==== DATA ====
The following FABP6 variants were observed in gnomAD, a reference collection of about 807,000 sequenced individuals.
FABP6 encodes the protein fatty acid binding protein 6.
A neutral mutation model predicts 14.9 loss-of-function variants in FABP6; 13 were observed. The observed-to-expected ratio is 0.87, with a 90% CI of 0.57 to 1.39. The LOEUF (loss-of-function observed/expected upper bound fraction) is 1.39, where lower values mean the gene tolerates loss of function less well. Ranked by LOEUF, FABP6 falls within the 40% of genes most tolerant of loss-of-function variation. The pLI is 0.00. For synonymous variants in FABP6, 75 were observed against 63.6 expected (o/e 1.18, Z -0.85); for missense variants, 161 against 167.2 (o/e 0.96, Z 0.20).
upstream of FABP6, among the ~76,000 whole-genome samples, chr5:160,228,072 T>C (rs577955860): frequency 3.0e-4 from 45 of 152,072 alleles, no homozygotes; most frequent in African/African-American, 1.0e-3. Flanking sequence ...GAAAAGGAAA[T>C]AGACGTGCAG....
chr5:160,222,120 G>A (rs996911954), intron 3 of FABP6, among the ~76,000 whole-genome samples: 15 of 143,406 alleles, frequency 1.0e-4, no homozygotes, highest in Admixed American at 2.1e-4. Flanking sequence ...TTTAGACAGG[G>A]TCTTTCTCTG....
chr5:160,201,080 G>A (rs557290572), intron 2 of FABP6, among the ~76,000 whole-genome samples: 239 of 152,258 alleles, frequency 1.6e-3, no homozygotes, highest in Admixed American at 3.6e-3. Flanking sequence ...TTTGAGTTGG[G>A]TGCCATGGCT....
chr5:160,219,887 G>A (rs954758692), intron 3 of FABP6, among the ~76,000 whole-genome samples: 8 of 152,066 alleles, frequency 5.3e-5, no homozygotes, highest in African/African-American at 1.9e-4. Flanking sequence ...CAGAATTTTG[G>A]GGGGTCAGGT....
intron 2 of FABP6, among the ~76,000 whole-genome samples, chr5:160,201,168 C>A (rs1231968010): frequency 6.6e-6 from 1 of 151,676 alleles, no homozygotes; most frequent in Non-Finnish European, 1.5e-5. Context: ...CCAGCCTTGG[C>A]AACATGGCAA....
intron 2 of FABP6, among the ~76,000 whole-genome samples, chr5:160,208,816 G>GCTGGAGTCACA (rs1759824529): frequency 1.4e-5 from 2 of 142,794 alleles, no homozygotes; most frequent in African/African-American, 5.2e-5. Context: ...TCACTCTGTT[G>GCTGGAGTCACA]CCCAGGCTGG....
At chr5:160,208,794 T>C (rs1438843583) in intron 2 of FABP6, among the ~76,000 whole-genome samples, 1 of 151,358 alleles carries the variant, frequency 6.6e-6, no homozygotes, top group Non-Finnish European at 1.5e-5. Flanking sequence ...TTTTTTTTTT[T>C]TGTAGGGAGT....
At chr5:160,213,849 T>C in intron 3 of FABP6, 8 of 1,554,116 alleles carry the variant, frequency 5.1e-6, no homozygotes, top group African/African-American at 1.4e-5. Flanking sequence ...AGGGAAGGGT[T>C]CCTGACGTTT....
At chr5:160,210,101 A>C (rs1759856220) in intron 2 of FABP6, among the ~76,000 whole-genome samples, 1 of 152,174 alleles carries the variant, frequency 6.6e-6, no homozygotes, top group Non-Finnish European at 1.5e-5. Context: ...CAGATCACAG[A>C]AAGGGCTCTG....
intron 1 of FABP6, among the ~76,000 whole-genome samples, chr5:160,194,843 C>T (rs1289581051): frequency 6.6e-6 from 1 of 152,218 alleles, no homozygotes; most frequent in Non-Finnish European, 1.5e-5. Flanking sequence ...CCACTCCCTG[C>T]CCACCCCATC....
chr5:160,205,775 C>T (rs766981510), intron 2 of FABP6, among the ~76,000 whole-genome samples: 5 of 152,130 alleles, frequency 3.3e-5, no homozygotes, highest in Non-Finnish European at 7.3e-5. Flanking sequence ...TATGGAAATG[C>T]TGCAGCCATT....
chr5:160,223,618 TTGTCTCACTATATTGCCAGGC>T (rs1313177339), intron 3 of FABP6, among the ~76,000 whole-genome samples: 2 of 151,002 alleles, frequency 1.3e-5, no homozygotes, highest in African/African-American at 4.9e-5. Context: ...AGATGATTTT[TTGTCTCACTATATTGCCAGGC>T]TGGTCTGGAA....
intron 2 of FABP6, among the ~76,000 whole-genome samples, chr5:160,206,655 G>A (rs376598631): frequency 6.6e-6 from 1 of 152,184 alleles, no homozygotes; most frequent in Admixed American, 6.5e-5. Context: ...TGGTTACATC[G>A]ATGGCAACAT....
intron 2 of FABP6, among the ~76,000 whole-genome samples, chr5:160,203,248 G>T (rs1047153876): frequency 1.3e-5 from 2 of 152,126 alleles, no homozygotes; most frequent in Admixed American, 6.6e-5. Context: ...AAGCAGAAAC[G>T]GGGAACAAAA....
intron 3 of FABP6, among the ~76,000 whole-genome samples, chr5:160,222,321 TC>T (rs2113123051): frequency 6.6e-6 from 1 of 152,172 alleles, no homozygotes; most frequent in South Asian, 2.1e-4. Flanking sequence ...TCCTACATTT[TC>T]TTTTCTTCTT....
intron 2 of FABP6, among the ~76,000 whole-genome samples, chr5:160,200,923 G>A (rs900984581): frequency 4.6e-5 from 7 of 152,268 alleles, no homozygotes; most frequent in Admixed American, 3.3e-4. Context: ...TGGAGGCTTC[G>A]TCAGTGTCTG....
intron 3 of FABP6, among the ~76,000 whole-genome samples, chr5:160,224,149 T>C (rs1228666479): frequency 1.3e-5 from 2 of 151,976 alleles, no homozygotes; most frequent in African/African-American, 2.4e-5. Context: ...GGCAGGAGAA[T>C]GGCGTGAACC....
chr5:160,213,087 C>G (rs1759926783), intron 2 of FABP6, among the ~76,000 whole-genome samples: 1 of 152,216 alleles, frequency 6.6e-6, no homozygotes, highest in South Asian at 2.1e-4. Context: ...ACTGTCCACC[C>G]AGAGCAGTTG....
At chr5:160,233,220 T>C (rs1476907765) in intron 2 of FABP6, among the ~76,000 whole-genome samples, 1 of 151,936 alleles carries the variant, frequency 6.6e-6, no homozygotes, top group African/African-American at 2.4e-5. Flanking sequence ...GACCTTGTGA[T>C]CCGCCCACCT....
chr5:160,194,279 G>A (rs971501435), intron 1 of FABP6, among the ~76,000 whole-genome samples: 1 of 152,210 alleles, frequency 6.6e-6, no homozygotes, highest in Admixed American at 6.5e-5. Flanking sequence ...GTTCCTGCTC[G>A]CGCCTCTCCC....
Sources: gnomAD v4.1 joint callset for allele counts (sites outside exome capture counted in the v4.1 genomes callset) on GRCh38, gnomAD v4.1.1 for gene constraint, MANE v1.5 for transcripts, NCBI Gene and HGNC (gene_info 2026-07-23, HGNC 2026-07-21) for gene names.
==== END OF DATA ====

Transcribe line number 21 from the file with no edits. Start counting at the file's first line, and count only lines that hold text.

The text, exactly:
chr5:160,213,087 C>G (rs1759926783), intron 2 of FABP6, among the ~76,000 whole-genome samples: 1 of 152,216 alleles, frequency 6.6e-6, no homozygotes, highest in South Asian at 2.1e-4. Context: ...ACTGTCCACC[C>G]AGAGCAGTTG....